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"Fantastic Voyages"

"Voyage to the bottom of the Sea" and "Fantastic Voyage" on DVD

Twin Sci-Fi Thrills

Part of 20th Century Fox's "Double Feature" series, this disk brings to DVD a couple of minor science fiction classics from the 1960's.

Irwin Allen's "Voyage to the Bottom of the Sea" receives the most benefit from the DVD treatment; its picture is bright and sharp and its audio has been remixed to Dolby 4.0 surround. Richard Fleishcer's "Fantastic Voyage," on the hand, looks very soft and the audio isn't nearly as good.

It's almost as if Fox spent its energies making the Allen film look great, but ignored Fleischer's, which is undoubtedly not true ("Fantastic Voyage," according to the box, has received a newly created "English Surround" track).

Anyway, it isn't unreasonable to buy this disc for the Allen "Voyage," and consider Fleischer's a bonus.

Too bad; in the grand scheme of things, Fantastic Voyage is probably the more important of the two films.

"Voyage to the Bottom of the Sea" recounts the tale of an Earth where the temperature has soared thanks to the sudden fiery ignition of the van Allen belts of the atmosphere. Fortunately, super scientist Admiral Nelson (Walter Pidgeon) and his new supersub the Seaview are on patrol and have the wherwithal to save the world. Nelson figures out that a missle aimed at just the right point will explode the van Allen belt into space, restoring the Earth's temperature to its pre-artifiicial greenhouse effect days.

Unfortunately, the world's powers that be don't believe him, and he's forced to take his sub on a renegade mission to save humanity.

Pidgeon's Admiral Nelson is a driven man who won't listen to anyone but himself, which makes it a good thing that he's right all the time! Also along for the ride are Barbara Eden, Joan Fontaine, Peter Lorre, Robert Sterling, Michael Ansara, and Frankie Avalon.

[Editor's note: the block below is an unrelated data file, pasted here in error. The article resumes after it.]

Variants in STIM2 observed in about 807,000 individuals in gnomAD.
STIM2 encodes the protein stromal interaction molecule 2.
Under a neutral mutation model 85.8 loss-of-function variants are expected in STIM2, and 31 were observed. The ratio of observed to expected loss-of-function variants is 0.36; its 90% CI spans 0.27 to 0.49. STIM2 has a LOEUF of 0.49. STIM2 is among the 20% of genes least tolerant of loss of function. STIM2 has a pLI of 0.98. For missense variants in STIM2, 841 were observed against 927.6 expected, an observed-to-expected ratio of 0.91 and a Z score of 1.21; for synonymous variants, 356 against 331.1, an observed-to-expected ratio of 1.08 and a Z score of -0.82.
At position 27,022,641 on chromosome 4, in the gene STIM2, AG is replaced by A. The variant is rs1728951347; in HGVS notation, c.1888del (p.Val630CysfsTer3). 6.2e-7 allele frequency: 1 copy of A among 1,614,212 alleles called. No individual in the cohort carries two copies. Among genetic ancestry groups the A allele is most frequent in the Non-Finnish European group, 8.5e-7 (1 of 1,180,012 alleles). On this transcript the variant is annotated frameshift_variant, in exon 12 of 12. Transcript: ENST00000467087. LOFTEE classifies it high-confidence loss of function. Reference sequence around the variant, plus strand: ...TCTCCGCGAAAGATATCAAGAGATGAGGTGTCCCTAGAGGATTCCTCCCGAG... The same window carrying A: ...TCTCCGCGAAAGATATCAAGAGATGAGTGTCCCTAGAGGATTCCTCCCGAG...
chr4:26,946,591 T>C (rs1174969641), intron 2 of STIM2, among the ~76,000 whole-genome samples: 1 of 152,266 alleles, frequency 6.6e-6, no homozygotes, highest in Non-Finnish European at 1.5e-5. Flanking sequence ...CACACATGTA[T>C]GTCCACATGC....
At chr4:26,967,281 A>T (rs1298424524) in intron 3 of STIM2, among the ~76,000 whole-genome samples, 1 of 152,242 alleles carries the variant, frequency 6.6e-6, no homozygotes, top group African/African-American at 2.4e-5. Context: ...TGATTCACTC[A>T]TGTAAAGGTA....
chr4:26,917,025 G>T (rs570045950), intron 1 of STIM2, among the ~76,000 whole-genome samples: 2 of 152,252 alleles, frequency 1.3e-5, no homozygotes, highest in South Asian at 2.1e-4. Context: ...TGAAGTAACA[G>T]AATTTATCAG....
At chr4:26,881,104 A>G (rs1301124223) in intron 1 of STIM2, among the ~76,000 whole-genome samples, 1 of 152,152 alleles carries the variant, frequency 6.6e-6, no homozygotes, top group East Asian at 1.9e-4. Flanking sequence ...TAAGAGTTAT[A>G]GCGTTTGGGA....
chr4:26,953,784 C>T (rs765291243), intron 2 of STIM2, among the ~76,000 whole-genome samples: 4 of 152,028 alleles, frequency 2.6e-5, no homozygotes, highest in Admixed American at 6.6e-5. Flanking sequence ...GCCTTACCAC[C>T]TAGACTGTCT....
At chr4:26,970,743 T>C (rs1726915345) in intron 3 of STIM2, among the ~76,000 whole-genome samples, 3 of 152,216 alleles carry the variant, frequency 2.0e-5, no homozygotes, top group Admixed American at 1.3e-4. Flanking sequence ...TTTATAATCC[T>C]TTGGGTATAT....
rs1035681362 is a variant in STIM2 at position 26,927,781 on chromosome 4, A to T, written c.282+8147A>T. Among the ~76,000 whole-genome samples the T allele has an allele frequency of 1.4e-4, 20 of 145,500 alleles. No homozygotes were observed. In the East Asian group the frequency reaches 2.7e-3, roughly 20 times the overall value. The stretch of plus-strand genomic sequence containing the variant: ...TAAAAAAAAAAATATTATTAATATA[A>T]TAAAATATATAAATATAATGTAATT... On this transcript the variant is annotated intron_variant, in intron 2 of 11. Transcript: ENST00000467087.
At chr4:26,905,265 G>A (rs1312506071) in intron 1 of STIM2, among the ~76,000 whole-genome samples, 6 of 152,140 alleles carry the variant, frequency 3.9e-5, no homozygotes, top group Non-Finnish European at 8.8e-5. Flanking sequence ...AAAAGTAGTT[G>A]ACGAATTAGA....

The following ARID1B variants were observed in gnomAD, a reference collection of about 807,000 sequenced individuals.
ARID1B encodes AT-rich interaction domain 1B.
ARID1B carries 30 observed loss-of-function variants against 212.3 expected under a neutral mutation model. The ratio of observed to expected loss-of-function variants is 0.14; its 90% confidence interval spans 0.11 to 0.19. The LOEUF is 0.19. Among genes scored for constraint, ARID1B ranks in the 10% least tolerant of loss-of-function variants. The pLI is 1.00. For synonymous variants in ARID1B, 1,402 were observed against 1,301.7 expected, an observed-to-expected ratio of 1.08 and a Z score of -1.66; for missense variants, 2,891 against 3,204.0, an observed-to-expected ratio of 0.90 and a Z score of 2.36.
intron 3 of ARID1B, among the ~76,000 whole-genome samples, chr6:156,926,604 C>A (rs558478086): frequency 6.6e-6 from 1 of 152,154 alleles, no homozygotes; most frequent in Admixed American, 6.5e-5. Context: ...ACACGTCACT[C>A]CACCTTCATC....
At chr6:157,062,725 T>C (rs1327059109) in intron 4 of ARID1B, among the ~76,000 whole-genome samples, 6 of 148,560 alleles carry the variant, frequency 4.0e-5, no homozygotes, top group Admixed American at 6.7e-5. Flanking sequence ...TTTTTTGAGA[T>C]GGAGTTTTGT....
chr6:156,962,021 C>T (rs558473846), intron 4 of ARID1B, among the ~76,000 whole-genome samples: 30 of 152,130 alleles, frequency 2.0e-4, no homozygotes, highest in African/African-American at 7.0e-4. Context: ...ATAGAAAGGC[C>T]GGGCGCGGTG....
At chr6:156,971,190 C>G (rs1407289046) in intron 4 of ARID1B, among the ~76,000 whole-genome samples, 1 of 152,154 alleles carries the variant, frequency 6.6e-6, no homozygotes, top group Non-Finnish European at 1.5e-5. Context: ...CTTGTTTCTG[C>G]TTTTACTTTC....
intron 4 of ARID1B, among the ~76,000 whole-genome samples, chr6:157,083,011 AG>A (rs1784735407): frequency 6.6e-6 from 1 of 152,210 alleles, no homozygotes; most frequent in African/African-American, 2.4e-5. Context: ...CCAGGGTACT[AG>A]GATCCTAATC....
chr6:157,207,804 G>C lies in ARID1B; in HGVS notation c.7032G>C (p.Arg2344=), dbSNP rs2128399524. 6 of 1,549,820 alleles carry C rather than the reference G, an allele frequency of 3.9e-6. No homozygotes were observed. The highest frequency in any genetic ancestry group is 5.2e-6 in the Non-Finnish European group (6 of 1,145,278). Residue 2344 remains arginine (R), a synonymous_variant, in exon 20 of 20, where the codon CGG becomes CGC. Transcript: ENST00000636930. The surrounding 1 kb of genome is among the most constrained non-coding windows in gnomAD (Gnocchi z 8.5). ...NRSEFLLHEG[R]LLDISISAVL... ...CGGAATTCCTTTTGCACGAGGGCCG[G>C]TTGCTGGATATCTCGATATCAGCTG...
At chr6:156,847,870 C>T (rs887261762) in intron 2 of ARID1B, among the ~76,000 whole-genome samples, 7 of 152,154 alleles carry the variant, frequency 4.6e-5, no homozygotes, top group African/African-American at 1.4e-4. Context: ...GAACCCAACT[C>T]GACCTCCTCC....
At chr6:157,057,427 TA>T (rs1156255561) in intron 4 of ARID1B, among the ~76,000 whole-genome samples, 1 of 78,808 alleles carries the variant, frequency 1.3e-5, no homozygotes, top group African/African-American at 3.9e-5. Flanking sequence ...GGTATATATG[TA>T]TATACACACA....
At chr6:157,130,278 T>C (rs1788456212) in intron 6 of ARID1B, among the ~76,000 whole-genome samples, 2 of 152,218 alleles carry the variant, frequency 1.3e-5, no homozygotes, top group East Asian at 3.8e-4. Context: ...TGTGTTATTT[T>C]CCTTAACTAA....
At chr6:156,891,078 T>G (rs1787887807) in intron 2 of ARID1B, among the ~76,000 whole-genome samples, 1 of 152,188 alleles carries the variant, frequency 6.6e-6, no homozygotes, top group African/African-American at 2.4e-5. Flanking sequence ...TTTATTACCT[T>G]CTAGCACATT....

There are plenty of plot holes, but the Seaview looks great (so do most of the special effects, though this doesn't appear to be a very big buget movie) and the story's engaging enough to have spawned a TV series (which, of course, it did).

The widescreen (2.35:1) picture looks great and the Dolby Digital surround is pretty good.

"Fantastic Voyage" concerns miniaturization technology and the cold war. Stephen Boyd is, well, some kind of agent, who has just brought scientist Jan Benes to the US where he's about to spill his guts to the scientific authorities. He knows the secret to making the miniaturization process feasible.

Unfortunately (or fortunately, since otherwise we'd have no story), the other side has gotten to him, and Benes is now in a coma, on an operating table, with a brain clot that can't be operated on with conventional surgery.

What they propose to do is shrink a submarine and crew, and send it through Benes' bloodstream to the site of the injury and operate on it from inside, with a laser beam.

A nifty idea, and one that gives the producers plenty of opportunity to portray the wonders of the human body as seen from the inside perspective.

Along for this fantastic voyage, besides "Messala" himself, are Arthur Kennedy as the surgeon tapped for the job, Raquel Welch as the requisite girl, Donald Pleasence as, well, you'll you have to watch and see, and William Redfield as the Captain and designer of the good sub Proteus. Edmond O'Brien and Arthur O'Connell run the show from outside.

The story's neat, but once again there are plot holes large enough to drive the unshrunk Proteus through (for instance, how come the wreckage of the sub doesn't destroy the patient when it returns to its normal size?).

Still, it's a nifty yarn and for the most part director Richard Fleischer (Disney's 20,000 Leagues Under the Sea) pulled it off very well.

The widescreen (2.35:1) picture quality is definitely not up to DVD standards, and this is a shame. Audio quality is merely okay.

Neither movie, each of which occupies one side of the single DVD disc, has a lot of extras. You basically get the usual subtitle choices and a trailer for both movies with each movie.

Still, you have to love Fox for giving us a "Saturday Afternnoon Matinee" of movie entertainment on a single disc. We hope to see lots more. .


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Updated May 13, 2006